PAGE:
There is sometimes a need to store an additional piece of information about a thing (record) in Dynamics NAV, that does not have a home in the out-of-the-box structure. Often, this additional information is “informational” only and doesn’t need to influence system behavior, such as “look up” to another list, or driving new business rules. In these cases, adding a simple field might be all that is needed.
For purposes of this example, we will add a new field to the item table called “Website Description.” The goal of this field is to allow users to record the description of each item as it appears on the company website – for informational purposes only in NAV.
Adding a field to a table in NAV is relatively straightforward, but requires some care to prevent conflicts or loss of data. Additional information may also be found in the related MSDN Development series, How to: Add Fields to a Table .
To begin, new fields in “stock” tables need to be created in the 50000 to 99999 number range. New fields in custom tables can be created in any number range. Similarly, you can identify whether a table is “stock” or custom by its number: the range 50000 to 99999 typically reflects custom objects. Both the field number and field name must also be unique within the table. For our example here, we will add a new field to the “stock” item table.
Adding a New Field
A brief five-step process is identified below through screenshots. Some nuances related to these steps follows.
- Find and “Design” the table in the Development Environment (Object Designer), see previous NAV Development blog “Part 3: Knowing What I Want to Change” for more information related to identifying and locating the table.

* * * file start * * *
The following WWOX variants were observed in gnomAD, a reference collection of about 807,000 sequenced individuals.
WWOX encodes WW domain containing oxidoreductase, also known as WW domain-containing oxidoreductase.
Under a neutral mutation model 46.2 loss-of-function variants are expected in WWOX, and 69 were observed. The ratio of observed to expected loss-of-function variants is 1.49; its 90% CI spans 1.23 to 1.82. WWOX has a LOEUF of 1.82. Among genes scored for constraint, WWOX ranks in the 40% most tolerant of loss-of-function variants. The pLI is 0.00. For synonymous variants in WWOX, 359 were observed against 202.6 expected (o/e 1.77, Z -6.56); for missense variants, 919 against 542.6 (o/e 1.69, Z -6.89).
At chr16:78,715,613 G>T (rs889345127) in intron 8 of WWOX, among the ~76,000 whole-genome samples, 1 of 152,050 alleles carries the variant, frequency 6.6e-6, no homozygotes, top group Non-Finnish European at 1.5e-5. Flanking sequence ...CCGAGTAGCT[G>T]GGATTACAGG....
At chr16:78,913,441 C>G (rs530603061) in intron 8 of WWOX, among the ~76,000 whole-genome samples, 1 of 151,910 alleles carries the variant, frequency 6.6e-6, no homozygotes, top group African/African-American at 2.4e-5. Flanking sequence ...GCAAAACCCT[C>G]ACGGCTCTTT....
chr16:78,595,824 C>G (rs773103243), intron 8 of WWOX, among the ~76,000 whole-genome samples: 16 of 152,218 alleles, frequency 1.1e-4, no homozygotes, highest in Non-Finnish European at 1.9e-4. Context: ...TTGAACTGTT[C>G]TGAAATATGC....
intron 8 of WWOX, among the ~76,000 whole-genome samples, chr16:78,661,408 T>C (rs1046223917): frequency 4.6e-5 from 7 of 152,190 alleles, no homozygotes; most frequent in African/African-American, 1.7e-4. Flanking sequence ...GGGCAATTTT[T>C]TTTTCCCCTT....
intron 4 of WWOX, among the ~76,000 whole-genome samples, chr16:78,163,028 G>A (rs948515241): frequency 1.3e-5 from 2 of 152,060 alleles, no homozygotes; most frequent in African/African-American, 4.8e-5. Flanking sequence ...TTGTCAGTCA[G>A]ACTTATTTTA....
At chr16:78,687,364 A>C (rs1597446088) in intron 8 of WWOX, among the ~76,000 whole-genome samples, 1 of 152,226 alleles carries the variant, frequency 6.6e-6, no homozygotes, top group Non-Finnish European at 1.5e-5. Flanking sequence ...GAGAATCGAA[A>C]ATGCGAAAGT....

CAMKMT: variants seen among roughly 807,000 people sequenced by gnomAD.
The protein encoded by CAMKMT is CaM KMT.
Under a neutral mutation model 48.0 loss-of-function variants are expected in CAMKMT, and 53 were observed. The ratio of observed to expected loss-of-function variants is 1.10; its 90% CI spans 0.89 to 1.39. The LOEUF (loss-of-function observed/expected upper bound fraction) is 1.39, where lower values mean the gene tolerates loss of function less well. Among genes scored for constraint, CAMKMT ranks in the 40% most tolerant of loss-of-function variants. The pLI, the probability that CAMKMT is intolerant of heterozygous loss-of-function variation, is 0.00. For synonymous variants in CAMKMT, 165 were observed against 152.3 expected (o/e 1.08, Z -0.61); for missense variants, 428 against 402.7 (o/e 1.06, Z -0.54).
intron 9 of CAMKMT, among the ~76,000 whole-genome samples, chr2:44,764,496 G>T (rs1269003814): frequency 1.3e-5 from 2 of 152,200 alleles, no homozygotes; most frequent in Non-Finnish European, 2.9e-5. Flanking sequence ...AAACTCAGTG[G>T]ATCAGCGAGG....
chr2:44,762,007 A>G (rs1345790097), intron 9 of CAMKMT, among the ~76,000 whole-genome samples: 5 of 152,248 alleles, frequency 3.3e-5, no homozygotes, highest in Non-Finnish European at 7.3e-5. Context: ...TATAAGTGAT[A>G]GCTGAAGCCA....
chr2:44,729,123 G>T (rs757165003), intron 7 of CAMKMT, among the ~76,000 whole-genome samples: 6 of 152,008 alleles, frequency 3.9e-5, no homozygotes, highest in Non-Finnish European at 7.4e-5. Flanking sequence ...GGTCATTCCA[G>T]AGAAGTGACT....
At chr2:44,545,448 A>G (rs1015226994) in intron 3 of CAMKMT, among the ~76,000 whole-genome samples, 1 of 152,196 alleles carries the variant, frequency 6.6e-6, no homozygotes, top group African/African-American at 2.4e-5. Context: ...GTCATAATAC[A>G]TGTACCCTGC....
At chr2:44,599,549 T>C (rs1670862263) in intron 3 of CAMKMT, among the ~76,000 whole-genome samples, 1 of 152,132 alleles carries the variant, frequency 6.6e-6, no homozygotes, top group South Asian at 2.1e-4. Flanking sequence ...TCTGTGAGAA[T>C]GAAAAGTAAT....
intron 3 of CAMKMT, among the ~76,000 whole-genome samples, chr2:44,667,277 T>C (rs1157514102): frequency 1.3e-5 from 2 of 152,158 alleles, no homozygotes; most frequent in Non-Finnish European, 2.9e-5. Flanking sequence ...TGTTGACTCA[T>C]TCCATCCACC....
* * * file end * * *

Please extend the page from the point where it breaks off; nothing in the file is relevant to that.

2. Insert a new field (F3) and assign a Field No., Name, Date Type, and Length (if applicable)
3. Select the Properties button (Shift + F4) to address any additional attributes
4. Exit the object until prompted to Save Changes
5. Update the Version List and document your changes consistent with your partner’s approach/methodology
Some additional (random) notes on field changes…
- On tables, more than any other object, it is important to get your definition right the first time. Changing lengths, data types and some other field properties, after data has been entered into that field, can have destructive consequences.
- The saving and compiling of a table should only occur in a database that users are not currently working within. As you should always be developing in a development environment/database, this shouldn’t be an issue. That said, once you are ready to move your updated object to Production, you will want to take the same precaution.
- The properties of the field are often not needed, but there may be instances where you want to control foreign language captioning, table relationships or other attributes not inherently assumed when the field is created.
- When working with field types, you will almost always want to use Code, Text, Decimal, Date or Boolean (checkbox). The distinction between Code and Text is the case sensitivity of the field. As an example, “No.” fields in NAV are type Code while descriptions are type Text. Regardless of what you enter in a “No.” field, NAV will force it to all upper-case. Entered lower-case letters in a text field will be maintained as entered.
The next entry in this series will describe the process to add a field (column) to a list page. In it, we will expose our new “Website Description” field to the Item Card, so users are able to see and edit it.